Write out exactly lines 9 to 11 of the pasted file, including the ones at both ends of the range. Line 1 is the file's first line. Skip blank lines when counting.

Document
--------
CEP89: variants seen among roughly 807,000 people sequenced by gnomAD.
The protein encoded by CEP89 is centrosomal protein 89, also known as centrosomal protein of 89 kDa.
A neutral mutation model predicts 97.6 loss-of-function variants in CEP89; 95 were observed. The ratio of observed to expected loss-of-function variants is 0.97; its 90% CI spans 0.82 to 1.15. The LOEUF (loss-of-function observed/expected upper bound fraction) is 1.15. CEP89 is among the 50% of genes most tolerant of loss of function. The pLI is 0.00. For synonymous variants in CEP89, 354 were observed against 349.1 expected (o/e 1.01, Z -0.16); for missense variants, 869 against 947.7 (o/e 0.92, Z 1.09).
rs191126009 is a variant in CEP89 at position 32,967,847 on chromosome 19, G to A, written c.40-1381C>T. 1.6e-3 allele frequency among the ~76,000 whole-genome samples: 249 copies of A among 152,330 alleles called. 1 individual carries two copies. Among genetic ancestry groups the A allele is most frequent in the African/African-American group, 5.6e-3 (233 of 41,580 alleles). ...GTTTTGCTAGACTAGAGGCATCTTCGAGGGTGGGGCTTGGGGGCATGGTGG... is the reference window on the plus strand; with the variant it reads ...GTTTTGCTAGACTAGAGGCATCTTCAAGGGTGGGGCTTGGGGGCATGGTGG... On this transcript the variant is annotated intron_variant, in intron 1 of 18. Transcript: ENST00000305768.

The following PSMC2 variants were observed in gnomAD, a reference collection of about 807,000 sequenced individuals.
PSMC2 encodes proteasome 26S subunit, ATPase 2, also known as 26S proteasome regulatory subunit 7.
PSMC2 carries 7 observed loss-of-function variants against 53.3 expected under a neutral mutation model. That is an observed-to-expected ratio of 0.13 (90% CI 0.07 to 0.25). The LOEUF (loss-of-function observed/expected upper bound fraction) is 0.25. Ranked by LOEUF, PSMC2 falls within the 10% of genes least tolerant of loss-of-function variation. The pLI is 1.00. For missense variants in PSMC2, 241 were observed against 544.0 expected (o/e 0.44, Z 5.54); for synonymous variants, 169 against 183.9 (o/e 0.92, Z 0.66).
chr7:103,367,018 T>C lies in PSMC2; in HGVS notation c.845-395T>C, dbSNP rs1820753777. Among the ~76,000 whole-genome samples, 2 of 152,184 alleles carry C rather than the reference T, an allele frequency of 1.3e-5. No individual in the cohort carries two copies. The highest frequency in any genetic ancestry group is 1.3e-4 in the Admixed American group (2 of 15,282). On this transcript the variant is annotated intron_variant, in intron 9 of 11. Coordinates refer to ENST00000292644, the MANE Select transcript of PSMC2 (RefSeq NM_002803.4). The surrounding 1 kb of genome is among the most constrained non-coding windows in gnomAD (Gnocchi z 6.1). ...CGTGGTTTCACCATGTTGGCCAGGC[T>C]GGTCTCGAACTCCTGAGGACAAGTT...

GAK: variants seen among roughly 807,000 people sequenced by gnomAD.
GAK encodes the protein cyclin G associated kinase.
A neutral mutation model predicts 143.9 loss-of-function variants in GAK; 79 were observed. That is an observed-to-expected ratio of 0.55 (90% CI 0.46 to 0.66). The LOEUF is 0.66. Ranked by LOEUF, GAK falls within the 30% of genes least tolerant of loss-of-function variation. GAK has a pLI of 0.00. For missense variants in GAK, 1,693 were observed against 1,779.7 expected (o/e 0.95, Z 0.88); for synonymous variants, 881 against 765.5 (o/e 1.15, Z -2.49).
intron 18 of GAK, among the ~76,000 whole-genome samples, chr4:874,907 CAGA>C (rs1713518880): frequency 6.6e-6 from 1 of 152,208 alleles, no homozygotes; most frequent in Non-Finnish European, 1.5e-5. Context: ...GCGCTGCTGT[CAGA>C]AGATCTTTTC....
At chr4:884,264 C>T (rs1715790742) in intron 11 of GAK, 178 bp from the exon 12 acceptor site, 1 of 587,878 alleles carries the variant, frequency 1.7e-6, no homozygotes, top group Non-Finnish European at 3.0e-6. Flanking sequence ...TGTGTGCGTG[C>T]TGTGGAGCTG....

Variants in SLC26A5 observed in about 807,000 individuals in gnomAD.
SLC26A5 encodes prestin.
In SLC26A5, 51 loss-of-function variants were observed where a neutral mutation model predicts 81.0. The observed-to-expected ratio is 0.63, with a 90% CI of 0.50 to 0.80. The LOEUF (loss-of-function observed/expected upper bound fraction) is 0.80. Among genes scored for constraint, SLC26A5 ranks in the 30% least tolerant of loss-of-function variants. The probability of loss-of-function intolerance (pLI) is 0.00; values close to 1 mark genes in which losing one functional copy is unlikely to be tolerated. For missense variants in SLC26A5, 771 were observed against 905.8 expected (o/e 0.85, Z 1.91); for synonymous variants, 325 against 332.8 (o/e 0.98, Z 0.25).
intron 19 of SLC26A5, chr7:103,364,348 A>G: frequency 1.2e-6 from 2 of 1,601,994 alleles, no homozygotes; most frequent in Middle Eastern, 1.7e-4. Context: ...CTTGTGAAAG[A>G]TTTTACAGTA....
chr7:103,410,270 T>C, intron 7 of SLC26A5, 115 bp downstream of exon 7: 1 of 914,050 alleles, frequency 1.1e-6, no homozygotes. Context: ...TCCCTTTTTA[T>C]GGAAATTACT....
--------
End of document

GAK: variants seen among roughly 807,000 people sequenced by gnomAD.
GAK encodes the protein cyclin G associated kinase.
A neutral mutation model predicts 143.9 loss-of-function variants in GAK; 79 were observed. That is an observed-to-expected ratio of 0.55 (90% CI 0.46 to 0.66). The LOEUF is 0.66. Ranked by LOEUF, GAK falls within the 30% of genes least tolerant of loss-of-function variation. GAK has a pLI of 0.00. For missense variants in GAK, 1,693 were observed against 1,779.7 expected (o/e 0.95, Z 0.88); for synonymous variants, 881 against 765.5 (o/e 1.15, Z -2.49).